- White Cube, Black Room, Sweet Scent
In an antechamber before the closed doors to Gregor Schneider’s 2013 installation performance Süßer Duft (Sweet Scent), a uniformed guard explains the situation to those queuing for the free unticketed event: “You will enter one by one. You will have five minutes. You will know you have reached the end by the lit exit sign. Take your time and open every door.” Laconic reviews reveal little, suggesting only that the guarded installation is arguably the most controversial offering in the 2013 Edinburgh Fringe Festival; scant words in the festival program mention only that it deals with racism and slavery, that one must be eighteen years old to enter. When it is my turn I am let into a short white hallway with another closed double door at the other end. A passageway off to the side has been boarded up; I would need a screwdriver to pry it loose. Opening the double doors, I find myself in a nearly identical second hallway. At the other end stands another double door—distant muffled conversation tells me that the event’s end lies beyond; to my left a niche offers a single door.
I step into a small white room, but it is immediately wrong. Fluorescent lights overhead burn with sulphurous constancy. Where the hallways had been the scuffed off-white of the everyday, here the walls, the ceiling, and the floor are thick with incandescent white paint that gathers in the corners into an impenetrable luminosity. It creates a haze around the edges of vision, dislocates the orthogonal axes of the room so that I seem suspended in a ragged, vibrating density. Nothing could live here. Two small square vents are the only details on the surface. Surely they account for a plastic sweetness in the air hinting at toxicity. A humming white noise cancelling all ambient difference also prevents time from passing as normal. Thinking I know the work of Schneider, an artist who mines the subconscious terrors of everyday architecture, I bask in the discomfort as long as time allows. Returning to the hallway, I linger briefly over an emergency fire alarm recessed into the wall that I had not noticed (some ironic jab at my claustrophobia?) and proceed to the [End Page 80] second set of doors with its indistinguishable voices beyond.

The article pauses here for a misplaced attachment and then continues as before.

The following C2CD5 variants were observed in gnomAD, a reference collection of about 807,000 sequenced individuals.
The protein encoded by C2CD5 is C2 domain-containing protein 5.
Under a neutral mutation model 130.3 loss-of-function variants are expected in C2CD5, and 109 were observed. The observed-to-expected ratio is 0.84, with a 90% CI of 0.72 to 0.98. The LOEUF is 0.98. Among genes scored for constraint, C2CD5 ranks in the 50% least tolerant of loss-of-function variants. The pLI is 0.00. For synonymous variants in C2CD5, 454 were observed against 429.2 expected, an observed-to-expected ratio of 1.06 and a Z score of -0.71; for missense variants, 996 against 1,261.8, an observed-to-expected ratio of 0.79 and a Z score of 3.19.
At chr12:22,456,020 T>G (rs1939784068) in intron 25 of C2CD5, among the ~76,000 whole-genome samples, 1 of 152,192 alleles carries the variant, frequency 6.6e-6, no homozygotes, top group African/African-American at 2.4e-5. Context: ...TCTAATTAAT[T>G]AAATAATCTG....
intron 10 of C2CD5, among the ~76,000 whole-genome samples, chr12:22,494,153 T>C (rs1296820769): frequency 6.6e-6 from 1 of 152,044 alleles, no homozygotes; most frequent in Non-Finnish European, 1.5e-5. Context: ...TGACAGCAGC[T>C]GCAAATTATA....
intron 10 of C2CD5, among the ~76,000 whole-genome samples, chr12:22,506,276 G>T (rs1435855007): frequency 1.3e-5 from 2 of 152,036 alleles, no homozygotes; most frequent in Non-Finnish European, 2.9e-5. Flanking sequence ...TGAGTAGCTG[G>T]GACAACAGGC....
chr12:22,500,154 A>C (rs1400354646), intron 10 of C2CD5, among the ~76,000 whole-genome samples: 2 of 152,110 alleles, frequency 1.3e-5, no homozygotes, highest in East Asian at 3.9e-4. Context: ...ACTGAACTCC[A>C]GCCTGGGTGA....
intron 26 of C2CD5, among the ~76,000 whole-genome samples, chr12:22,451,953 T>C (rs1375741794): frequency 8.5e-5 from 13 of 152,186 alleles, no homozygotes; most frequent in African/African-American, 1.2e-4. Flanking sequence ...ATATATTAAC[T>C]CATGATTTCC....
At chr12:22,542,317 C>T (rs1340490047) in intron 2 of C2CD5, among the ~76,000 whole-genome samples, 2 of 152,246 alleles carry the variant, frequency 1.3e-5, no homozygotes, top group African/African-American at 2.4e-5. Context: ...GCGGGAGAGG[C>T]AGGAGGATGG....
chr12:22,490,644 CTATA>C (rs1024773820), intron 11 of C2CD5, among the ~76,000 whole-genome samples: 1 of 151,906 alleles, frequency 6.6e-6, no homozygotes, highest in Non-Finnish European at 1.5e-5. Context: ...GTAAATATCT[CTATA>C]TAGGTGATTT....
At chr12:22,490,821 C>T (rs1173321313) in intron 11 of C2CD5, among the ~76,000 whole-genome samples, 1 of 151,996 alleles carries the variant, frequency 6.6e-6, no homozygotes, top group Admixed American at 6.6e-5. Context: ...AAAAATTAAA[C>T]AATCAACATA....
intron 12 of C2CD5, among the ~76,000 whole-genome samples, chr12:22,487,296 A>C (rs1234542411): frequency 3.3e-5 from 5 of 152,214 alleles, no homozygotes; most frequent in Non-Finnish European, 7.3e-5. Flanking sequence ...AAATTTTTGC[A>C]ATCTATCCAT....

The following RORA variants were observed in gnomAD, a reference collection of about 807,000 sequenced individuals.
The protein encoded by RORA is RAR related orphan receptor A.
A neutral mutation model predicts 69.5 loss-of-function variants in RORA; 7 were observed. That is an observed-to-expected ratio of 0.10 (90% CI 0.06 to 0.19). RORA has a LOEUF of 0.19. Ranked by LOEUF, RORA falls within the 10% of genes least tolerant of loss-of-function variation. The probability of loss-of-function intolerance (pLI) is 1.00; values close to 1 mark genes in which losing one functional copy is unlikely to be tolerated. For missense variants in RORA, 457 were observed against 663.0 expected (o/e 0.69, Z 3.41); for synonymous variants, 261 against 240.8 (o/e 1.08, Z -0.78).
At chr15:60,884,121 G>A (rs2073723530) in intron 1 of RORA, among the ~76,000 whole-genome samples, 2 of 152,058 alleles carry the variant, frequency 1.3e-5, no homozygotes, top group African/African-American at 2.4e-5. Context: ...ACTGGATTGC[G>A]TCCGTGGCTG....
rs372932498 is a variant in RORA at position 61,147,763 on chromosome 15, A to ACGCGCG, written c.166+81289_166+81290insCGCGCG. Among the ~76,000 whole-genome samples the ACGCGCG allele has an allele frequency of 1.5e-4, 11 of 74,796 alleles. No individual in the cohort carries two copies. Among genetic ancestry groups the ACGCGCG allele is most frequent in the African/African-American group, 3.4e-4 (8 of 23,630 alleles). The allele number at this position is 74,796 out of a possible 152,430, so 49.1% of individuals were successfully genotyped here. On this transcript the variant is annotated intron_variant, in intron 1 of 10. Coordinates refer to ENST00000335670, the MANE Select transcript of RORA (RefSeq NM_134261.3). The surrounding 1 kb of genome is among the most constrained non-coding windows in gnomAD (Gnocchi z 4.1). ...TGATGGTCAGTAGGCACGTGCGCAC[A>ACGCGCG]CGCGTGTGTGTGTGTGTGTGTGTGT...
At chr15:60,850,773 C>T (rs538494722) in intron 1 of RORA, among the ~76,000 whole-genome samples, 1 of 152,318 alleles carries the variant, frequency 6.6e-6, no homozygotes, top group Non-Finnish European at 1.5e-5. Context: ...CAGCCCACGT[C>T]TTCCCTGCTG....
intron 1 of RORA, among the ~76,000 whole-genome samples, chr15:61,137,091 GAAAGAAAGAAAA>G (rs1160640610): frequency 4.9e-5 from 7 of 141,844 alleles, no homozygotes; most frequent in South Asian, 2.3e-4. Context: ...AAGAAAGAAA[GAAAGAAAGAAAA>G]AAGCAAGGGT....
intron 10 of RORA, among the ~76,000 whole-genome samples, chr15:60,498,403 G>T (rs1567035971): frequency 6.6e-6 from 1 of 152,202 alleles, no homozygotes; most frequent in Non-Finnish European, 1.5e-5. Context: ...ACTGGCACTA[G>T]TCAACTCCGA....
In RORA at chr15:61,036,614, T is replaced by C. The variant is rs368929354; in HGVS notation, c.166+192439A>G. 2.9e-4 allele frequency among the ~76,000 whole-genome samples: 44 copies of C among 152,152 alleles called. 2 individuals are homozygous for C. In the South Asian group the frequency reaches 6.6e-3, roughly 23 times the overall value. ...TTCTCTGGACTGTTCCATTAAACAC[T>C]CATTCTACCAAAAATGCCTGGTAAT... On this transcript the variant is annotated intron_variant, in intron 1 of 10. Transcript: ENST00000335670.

What I’d thought an exit is, in fact, a final room. It is almost pitch black, and the talking has stopped with my entrance. I am standing face to face with a naked black man. I cannot recall how I react exactly, but as my eyes adjust I see that we are not alone. There are eight or ten young men in this small dark room—all naked, all black. They do not make eye contact, but I am watched. Their attitude is one of ease: a few lean against the walls, others are seated, someone brushes past me. Clearly shaken, I pretend to play the casual observer before fumbling for the lit exit sign.
Upstairs I emerge into the café at Summerhall, tables filled with people chattering away over tea and a scone, oblivious to all that is taking place in the bowels of the building. The site of the Royal (Dick) School of Veterinary Studies in Edinburgh for nearly a century, the Summerhall complex was purchased by Robert McDowell in 2011 and converted into an art space. It has since become the most adventurous venue in the yearly festival. The former institutional frames of the medical and educational shadow the work shown, betraying a certain preoccupation with defining and disciplining the living. The small animal hospital in the courtyard is now a pub where slides of hundreds of biological specimens are inlaid in an amber-lit bar. Bones proliferate overhead, while glass cases hold beakers in a cabinet of curiosities. An adjoining dining room presents a more troubling display: artifacts from Africa on one wall, masks, effigies, and “primitive” paintings on another, oddities of American nostalgia such as a Route 66 road sign. Elsewhere, antiquated medical theatres...